This is not to say that children do not get an invaluable contribution for their development in being involved in the processes and events within their communities, but it is especially to point out how children are mostly allocated to the activities and places, rather than having the chance to coming to be actively involved in elaborating and discussing those together with other people and children who are also participants. This ends up reproducing the exclusive structures in the community and broadly in the society in ways that we might not be even able to acknowledge. Parents and teachers that I talk to express how they believe in certain standards that they set for and expect from children, which in the case of parents’ enclose children’s access to free time and in the case of teachers’ enclose children’s access to space and free movement. Maybe it is due to the relationship dynamics that come with the inscribed discourses and practices around authority, discipline, and order that position the parent and the child or the teacher and the child in conflict over most daily conduct and activities. Parents might prioritize structured extracurricular activities over free play, believing that their children need to attend to those for personality development, even when children are not interested in them. They might believe it’s more beneficial for their personality development if they can commit to certain things. Teachers might prioritize finishing assignments over thirty minutes of free time or in-class activities, believing that this is needed for students’ academic development. The most intriguing part, however, from the accounts of parents and teachers come from how they are not able to make sense of their expectations when they put those under critical light, and reflect on how they interact with children. They can see that some requests or demands sound and feel random and unfair. Any person who live and work with children know the overwhelming mental and/or physical energy this requires as well, and is aware of not having the time or space for this sort of reflection, and mostly due to structural constraints. The parent has to work and leave the child to the most affordable place possible that will also help prepare the child for the rigorous academic system. The teacher has to prove in numbers to the school administration that their class is succeeding or identify the reasons why it is lagging behind the average, which necessitates the prioritization of standardized measures of student performance over certain subjects. Under such circumstances, how is one to focus on the contribution of that thirty minutes of self-expression, socio-dramatic play, or dancing to a child’s development and well-being? These systemic pressures cause the caring adults to not hear children, or sometimes not even turn to listen to, with the fear of falling behind, missing out, or facing what they already know by instinct and lived experience.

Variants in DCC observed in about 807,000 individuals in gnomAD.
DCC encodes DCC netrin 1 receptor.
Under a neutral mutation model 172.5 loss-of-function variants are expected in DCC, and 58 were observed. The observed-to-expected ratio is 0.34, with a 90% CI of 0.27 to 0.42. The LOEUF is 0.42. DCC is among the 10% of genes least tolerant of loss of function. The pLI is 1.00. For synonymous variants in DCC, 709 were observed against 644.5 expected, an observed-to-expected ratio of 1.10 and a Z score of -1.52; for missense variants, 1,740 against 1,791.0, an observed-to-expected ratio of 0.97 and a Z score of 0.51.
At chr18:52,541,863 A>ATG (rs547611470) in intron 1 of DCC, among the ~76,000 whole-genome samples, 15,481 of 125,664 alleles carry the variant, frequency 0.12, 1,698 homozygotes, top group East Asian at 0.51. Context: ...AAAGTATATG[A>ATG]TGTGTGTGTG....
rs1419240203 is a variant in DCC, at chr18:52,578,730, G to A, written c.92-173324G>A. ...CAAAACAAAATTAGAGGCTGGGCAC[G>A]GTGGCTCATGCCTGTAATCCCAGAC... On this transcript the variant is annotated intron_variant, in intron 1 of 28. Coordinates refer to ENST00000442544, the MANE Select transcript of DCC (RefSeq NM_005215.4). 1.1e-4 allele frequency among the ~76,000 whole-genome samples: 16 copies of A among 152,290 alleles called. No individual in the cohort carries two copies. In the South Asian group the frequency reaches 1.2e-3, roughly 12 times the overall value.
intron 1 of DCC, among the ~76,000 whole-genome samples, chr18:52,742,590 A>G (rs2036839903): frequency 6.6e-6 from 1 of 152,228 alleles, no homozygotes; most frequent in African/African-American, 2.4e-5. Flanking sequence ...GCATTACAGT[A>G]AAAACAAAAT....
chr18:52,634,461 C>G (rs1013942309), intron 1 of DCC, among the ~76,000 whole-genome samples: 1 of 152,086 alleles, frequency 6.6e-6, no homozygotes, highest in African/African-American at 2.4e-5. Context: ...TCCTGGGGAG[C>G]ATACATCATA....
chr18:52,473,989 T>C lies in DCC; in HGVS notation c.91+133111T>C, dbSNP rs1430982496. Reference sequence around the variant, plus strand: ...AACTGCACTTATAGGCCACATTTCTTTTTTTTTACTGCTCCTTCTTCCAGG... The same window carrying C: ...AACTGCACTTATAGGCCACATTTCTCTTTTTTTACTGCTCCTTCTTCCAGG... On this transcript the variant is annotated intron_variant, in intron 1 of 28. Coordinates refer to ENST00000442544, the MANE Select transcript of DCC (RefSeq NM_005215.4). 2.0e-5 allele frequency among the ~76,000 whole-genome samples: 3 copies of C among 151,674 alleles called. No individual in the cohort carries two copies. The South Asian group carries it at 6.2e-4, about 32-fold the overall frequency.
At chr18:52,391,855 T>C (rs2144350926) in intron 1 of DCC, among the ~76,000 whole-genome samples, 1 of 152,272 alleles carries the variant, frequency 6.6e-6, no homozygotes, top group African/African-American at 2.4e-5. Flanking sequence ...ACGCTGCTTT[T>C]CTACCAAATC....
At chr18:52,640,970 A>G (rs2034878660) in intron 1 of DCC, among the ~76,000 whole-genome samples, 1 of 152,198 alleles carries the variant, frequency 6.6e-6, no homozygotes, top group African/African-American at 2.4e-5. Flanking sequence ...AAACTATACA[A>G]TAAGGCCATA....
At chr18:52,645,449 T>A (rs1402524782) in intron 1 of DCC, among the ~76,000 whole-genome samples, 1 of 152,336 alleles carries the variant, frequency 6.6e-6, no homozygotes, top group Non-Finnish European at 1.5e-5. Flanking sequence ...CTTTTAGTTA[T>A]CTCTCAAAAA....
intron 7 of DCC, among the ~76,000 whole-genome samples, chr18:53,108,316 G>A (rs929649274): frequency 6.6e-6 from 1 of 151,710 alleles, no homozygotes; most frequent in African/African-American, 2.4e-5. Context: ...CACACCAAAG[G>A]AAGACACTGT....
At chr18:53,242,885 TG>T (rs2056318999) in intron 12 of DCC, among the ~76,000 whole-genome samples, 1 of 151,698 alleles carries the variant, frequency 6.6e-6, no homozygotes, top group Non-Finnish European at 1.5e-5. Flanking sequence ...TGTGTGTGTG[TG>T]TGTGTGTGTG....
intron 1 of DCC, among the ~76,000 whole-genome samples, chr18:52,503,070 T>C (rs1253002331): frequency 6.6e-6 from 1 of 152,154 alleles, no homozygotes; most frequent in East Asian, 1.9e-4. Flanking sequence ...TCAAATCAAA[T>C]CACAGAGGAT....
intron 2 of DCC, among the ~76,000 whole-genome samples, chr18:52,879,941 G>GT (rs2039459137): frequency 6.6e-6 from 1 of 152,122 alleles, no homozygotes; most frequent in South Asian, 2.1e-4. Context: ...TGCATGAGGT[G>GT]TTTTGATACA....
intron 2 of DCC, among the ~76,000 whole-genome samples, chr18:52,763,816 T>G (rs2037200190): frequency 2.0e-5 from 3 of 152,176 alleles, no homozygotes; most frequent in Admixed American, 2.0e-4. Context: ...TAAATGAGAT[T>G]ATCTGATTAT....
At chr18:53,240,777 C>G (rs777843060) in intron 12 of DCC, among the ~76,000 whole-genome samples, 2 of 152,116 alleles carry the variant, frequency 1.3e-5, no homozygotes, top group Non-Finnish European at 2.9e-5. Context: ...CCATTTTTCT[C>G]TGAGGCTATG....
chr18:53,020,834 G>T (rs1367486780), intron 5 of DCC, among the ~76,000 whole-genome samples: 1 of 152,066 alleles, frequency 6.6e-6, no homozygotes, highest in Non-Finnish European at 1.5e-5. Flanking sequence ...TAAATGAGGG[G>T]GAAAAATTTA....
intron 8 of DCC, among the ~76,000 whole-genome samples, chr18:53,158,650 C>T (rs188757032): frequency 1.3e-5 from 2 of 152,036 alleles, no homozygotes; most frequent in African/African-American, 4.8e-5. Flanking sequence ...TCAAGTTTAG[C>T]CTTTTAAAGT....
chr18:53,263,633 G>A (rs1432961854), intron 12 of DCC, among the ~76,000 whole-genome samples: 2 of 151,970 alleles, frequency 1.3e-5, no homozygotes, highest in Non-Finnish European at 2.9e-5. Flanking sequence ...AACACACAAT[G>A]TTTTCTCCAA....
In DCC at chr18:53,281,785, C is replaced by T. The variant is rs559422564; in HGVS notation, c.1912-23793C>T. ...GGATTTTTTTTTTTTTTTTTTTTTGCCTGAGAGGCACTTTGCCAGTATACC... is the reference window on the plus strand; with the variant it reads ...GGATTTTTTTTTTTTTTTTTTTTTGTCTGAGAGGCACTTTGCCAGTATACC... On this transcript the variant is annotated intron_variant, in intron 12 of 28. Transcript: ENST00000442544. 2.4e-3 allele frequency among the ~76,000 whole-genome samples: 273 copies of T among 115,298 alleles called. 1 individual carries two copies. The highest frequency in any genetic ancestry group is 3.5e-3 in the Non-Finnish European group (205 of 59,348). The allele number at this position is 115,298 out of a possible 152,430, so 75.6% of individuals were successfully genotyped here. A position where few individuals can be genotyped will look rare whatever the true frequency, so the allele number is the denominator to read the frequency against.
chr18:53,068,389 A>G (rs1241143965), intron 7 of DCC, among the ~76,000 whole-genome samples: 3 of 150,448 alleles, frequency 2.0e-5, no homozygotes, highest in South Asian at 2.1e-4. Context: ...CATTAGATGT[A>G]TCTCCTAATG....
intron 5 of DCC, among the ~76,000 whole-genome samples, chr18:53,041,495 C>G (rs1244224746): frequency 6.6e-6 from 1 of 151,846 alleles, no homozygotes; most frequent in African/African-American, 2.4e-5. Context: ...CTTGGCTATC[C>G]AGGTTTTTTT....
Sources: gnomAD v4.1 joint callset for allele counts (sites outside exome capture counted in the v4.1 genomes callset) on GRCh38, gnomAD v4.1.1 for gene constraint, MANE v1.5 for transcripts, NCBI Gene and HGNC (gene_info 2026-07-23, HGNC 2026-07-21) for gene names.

When children ask if they can play, they are not only asking for exercise, fun, and refuge but are asking for their essential right to citizenship and participation, as reminded by Juster and Leichter-Saxby (2014). Their article also reminds us that even when a play does not result in outcomes that we’re looking for, through the sense of agency that it allows children to experience, it constitutes a tool through which children engage with cultural contexts and ‘…create social capital and personal voice’ (2014). Listening to children will be a step forward in bringing that voice to the world.
Juster AH, Leichter-Saxby M. Citizens at Play: Children’s Participation through Community-Based Opportunities for Child-Directed Play. Global Studies of Childhood. 2014;4(2):77-88.
Bengi Süllü is from Turkey and is currently a doctoral candidate in Environmental Psychology and teaching fellow at The Graduate Center, City University New York.